It may be obvious one could make a sub oscillator using the divide down circuits as well. There are a few examples of the divide down organ circuits floating around.

So far I have been using resistors to divide voltage but I'd like to explore audio transformers. If anyone has good info/advice on those I am all ears.
Last edited by Rod Serling Fan Club on Thu Aug 06, 2015 4:07 am, edited 1 time in total.
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Karl Welty
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Neon Lamp Synthesis

Post by Karl Welty »

Just finished up this prototype, based on a schematic I found here in another thread somewhere. Its makes all manner of very strange and wonderful sounds but can also sound very much like a conventional multi-oscillator polysynth. Very happy with the results. I've found about 45-50 different types of "things" it does well... and its still a reasonably simple 3 oscillator saw-wave generator. The next version will be more comprehensive. Square wave generators, additional modulation options. Another prototype or two on my way to "the big one" looming in the future.

Image

Image
[/video]
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sduck
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Post by sduck »

Hmmm - is this relevant to this thread somehow, or did you not find the correct thread to put it in?
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andrewF
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Post by andrewF »

sduck wrote:Hmmm - is this relevant to this thread somehow, or did you not find the correct thread to put it in?
assuming they are neon tubes mounted inside the 1/4" sockets, it is quite in keeping with this thread.

Looks pretty good btw - how about a demo :nana:
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sduck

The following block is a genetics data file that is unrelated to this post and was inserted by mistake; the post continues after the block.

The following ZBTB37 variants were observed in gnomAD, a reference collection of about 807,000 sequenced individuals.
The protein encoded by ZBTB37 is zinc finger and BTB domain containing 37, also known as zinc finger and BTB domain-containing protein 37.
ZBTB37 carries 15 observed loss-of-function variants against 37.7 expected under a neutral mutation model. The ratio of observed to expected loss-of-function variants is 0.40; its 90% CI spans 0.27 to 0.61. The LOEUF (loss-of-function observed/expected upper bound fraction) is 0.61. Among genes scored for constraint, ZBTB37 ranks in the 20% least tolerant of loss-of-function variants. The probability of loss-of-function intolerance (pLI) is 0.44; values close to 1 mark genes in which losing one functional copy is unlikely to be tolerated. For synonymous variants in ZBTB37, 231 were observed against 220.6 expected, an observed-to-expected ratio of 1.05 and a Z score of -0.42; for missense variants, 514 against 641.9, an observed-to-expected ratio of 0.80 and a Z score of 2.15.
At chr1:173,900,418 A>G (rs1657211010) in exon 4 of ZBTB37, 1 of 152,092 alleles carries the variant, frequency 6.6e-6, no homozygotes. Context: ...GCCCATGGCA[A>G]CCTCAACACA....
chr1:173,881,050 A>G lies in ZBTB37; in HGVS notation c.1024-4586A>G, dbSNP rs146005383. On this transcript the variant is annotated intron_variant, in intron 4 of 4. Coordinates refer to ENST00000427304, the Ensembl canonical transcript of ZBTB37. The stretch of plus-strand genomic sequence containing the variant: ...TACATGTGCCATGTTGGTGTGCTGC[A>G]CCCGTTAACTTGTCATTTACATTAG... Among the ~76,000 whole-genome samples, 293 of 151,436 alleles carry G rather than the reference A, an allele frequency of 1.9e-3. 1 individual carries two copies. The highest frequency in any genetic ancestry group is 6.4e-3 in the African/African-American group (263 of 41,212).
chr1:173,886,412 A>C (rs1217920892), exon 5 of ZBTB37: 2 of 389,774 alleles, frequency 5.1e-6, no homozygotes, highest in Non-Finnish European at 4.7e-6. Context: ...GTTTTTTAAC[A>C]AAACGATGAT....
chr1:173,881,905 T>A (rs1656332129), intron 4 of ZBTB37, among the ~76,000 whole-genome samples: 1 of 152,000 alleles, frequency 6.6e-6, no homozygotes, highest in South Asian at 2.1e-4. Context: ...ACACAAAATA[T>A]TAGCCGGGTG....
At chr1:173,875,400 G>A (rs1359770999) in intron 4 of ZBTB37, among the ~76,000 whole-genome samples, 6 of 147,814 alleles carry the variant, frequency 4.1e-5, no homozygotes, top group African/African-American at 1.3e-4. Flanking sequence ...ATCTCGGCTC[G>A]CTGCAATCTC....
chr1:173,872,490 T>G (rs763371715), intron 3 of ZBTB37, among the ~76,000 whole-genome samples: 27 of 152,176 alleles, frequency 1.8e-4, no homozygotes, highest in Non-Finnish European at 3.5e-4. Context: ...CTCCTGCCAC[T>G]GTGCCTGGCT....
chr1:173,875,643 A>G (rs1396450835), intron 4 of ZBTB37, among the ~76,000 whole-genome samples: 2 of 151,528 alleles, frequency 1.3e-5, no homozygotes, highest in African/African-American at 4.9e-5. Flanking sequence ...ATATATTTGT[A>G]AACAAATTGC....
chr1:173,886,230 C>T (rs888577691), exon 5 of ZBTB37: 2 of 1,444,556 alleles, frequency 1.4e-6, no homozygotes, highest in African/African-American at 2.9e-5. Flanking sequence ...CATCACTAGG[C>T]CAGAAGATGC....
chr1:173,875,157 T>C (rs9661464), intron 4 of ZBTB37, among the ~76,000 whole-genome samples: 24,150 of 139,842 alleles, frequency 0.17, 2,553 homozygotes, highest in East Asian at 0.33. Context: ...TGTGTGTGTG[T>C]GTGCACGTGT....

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Post by sduck »

Oh - I didn't realize that they were that small. Yea, sounds?
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Post by andrewF »

about as big as a cap!
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Post by forbin »

It's funny that this post should bubble to the surface.

I bought a couple of Neon tubes in Altronics at the weekend to experiment with a Neon oscillator after Andrew expounded the virtues of the René Schmitz neon VCO (actually I think this conversation was about 5 years ago -- shows how quickly i move)

I must have missed this topic then as there are some really interesting articles here.
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Post by snaper »

A neon LPG???
YEAH!!!
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Post by thermionicjunky »

Rod Serling Fan Club wrote: It may be obvious one could make a sub oscillator using the divide down circuits as well. There are a few examples of the divide down organ circuits floating around.
my favorite suboctave circuit is from the Metasonix TM-3. There is a stability control, which varies the supply voltage to the neon lamps. It's so fucking weird.
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Karl Welty
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Post by Karl Welty »

Neon lamp projects are my very favorite new things ever, and yes... I used 1/4 jacks as mounting sockets. A bit of shrink tube helped keep the leads from shorting against the chassis, and I didnt have the depth in the project box for the other batch of possible lamp bases. Those will be for a larger project.

I did a very quick and dirty sounding demo of the box pictured, but it was prior to the addition of the filter section. The cap in the filter (from the schematic I was working from) is also critical to an aspect of functionality... though it made a variety of delightful noises even as an incomplete circuit.

https://soundcloud.com/karl_welty/neon-synth-mix-1

An example of the finished box with filter has only made it as far as my facebook page. Camera mic in the carport, audio from a guitar amp leaned against my bench. For those not hindered by a FB account, this link may not work unless you are logged in to the collective.